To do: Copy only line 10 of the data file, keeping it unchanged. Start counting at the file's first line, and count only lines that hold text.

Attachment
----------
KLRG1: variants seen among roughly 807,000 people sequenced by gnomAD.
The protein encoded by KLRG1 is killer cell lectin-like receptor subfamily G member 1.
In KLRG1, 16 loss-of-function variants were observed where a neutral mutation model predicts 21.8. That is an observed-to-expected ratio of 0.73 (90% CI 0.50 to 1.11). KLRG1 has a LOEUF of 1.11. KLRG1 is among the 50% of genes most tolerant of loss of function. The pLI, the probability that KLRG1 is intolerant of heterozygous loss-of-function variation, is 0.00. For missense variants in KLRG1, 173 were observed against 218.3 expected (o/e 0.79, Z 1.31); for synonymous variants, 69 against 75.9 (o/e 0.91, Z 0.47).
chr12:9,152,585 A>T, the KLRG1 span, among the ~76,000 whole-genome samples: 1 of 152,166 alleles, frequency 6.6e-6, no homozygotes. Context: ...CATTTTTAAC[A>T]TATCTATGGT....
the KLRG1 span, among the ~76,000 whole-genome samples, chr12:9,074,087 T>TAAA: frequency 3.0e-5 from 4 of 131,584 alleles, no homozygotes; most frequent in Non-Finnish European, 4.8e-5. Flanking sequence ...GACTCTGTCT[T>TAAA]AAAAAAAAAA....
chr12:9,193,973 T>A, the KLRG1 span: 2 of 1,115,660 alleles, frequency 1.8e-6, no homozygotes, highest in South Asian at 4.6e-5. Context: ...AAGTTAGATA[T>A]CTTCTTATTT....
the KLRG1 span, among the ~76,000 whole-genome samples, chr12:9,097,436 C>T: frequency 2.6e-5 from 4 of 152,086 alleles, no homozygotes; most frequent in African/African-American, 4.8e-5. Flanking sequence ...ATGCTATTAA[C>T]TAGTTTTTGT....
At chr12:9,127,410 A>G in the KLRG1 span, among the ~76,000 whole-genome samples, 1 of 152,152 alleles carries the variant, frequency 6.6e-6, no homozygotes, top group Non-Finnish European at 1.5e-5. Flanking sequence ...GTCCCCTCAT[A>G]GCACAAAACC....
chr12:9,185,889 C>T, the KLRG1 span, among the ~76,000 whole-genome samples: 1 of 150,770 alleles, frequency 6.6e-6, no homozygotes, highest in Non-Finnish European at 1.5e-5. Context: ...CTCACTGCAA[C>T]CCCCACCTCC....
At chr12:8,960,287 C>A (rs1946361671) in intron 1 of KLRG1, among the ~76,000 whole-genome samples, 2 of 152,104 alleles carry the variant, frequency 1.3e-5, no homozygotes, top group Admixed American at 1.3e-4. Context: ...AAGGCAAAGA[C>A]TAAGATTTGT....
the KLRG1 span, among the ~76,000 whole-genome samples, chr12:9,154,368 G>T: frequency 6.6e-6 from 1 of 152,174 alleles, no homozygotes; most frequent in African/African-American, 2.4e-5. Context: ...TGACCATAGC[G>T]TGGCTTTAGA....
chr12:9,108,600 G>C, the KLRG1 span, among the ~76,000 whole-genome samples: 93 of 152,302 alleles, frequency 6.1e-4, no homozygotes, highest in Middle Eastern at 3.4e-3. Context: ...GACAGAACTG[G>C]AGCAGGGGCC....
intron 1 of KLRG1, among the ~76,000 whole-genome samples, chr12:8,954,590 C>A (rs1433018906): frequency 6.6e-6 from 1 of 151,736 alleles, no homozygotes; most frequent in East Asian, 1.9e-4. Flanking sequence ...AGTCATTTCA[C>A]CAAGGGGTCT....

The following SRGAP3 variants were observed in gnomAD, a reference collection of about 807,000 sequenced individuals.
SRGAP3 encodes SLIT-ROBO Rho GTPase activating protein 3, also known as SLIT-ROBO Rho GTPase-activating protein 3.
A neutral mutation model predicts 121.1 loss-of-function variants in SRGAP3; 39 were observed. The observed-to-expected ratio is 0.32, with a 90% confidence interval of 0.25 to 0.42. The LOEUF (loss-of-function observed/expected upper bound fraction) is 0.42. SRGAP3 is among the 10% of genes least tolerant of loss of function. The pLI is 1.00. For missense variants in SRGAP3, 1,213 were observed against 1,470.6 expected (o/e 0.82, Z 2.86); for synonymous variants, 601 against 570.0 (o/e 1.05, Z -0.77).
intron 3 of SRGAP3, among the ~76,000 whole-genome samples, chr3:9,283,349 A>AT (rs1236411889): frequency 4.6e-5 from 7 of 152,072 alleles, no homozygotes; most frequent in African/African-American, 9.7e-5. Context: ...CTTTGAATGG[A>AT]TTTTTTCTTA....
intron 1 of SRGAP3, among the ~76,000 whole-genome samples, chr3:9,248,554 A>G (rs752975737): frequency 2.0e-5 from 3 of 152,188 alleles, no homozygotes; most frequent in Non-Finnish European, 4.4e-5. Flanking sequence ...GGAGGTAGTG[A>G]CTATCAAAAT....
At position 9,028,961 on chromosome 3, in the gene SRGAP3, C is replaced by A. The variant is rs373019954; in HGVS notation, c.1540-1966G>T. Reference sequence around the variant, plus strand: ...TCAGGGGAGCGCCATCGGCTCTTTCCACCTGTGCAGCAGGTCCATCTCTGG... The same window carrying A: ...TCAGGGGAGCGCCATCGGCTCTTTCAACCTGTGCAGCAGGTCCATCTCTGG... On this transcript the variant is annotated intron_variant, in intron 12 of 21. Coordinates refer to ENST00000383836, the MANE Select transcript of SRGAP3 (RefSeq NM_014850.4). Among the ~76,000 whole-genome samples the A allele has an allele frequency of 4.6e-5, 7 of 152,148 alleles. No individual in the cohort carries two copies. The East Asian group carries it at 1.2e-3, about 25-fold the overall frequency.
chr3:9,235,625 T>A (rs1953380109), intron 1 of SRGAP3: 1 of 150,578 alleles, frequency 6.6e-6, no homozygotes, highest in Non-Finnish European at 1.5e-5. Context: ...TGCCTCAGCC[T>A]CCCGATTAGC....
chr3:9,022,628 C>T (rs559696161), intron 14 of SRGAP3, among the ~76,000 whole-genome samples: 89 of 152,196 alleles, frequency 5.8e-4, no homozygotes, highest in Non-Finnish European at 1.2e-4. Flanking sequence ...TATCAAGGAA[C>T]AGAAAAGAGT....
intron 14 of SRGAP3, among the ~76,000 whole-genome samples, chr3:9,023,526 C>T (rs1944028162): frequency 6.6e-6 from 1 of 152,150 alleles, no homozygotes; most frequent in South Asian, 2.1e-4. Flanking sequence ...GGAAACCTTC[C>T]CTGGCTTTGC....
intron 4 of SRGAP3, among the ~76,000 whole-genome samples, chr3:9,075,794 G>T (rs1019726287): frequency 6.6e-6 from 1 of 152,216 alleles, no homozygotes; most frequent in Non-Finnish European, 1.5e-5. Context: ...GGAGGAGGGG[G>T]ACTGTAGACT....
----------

At chr12:8,960,287 C>A (rs1946361671) in intron 1 of KLRG1, among the ~76,000 whole-genome samples, 2 of 152,104 alleles carry the variant, frequency 1.3e-5, no homozygotes, top group Admixed American at 1.3e-4. Context: ...AAGGCAAAGA[C>A]TAAGATTTGT....